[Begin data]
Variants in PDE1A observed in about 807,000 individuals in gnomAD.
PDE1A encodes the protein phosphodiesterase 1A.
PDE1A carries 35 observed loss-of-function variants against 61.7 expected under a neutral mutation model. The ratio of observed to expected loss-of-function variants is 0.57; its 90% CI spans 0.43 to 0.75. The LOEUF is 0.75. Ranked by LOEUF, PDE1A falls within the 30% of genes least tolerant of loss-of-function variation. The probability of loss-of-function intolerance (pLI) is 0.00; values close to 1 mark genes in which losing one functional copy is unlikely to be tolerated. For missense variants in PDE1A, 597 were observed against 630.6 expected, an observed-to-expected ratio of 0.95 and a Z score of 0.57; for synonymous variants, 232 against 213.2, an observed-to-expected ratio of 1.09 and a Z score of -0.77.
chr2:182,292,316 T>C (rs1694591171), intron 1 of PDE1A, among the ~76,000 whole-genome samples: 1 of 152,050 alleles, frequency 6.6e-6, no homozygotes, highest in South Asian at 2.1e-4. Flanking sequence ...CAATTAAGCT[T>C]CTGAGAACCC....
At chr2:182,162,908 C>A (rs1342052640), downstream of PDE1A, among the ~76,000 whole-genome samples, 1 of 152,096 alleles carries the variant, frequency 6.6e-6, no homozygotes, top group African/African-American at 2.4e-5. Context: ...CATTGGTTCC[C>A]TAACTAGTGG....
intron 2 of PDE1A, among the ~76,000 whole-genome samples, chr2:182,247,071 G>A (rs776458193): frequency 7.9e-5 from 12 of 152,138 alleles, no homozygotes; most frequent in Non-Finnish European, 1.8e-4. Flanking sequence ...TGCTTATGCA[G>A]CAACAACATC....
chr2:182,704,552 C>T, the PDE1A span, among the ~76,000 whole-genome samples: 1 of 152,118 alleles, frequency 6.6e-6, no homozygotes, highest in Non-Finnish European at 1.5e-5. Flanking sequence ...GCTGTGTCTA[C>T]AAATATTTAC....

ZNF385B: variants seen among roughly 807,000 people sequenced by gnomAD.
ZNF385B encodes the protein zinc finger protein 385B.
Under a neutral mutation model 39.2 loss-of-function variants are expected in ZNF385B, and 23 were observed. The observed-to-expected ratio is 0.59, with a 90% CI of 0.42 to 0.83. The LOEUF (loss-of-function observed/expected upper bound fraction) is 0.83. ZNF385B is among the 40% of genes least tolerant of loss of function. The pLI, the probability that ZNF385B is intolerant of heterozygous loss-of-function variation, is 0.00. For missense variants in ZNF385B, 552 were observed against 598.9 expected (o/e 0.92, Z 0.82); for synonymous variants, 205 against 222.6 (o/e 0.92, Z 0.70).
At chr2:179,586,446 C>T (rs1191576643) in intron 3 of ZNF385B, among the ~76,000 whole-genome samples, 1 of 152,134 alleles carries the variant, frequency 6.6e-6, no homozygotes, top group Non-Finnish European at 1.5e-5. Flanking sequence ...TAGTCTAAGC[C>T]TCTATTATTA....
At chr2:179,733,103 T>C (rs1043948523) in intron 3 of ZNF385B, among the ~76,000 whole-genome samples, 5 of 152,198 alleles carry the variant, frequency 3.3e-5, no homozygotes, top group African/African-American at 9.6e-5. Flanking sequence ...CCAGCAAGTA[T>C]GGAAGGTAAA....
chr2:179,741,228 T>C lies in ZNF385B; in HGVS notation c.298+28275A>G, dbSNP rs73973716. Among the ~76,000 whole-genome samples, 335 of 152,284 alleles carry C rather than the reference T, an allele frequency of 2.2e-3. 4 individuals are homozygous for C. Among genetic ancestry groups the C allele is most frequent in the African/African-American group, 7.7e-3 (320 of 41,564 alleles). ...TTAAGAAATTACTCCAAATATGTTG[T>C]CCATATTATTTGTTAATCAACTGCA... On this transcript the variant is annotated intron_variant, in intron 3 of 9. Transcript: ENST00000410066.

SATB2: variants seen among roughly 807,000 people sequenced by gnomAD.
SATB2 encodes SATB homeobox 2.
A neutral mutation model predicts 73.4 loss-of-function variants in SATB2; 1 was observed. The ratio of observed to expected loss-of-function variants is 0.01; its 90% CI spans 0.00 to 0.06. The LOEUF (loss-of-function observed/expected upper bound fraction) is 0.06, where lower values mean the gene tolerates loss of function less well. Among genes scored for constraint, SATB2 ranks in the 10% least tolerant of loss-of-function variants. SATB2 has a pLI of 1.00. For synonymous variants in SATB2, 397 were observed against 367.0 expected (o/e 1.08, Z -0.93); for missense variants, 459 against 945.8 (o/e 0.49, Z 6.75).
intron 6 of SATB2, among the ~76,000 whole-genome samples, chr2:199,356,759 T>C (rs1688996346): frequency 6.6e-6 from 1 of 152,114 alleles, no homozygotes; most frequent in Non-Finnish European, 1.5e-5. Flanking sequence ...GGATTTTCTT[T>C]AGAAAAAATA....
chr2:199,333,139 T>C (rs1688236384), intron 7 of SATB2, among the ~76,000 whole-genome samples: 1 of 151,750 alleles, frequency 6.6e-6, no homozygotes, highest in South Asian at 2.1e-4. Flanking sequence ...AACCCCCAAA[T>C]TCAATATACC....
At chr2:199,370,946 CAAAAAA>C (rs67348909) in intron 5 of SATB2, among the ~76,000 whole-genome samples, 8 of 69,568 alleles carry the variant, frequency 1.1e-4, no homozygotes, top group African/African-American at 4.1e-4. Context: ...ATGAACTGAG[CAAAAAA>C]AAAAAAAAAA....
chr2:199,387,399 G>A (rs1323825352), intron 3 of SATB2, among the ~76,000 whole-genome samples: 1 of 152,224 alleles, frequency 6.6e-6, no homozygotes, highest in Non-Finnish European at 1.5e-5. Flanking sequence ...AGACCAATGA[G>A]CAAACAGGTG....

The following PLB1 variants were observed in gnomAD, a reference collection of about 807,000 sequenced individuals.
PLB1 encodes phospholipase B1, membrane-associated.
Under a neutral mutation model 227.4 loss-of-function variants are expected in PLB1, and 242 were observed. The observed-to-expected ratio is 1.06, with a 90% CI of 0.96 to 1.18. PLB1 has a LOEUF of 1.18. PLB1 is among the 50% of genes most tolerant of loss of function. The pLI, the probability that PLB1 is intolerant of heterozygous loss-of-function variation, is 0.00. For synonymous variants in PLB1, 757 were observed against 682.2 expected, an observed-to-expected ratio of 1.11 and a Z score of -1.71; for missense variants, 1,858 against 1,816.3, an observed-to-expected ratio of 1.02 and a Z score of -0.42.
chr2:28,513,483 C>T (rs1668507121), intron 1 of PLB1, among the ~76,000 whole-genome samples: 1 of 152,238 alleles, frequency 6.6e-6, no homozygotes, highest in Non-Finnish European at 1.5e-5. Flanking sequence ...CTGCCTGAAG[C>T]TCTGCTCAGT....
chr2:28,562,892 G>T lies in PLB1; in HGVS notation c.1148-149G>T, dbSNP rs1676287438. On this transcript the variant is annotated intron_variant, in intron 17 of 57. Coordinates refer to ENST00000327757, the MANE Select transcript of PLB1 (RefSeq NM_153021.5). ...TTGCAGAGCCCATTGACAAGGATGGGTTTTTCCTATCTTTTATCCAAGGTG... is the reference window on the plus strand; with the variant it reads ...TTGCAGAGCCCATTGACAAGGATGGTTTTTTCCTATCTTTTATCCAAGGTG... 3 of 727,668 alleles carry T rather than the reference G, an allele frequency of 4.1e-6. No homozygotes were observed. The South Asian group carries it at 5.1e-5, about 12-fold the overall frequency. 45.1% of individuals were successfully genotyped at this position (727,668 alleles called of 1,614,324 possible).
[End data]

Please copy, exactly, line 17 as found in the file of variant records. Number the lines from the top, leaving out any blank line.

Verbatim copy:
intron 6 of SATB2, among the ~76,000 whole-genome samples, chr2:199,356,759 T>C (rs1688996346): frequency 6.6e-6 from 1 of 152,114 alleles, no homozygotes; most frequent in Non-Finnish European, 1.5e-5. Flanking sequence ...GGATTTTCTT[T>C]AGAAAAAATA....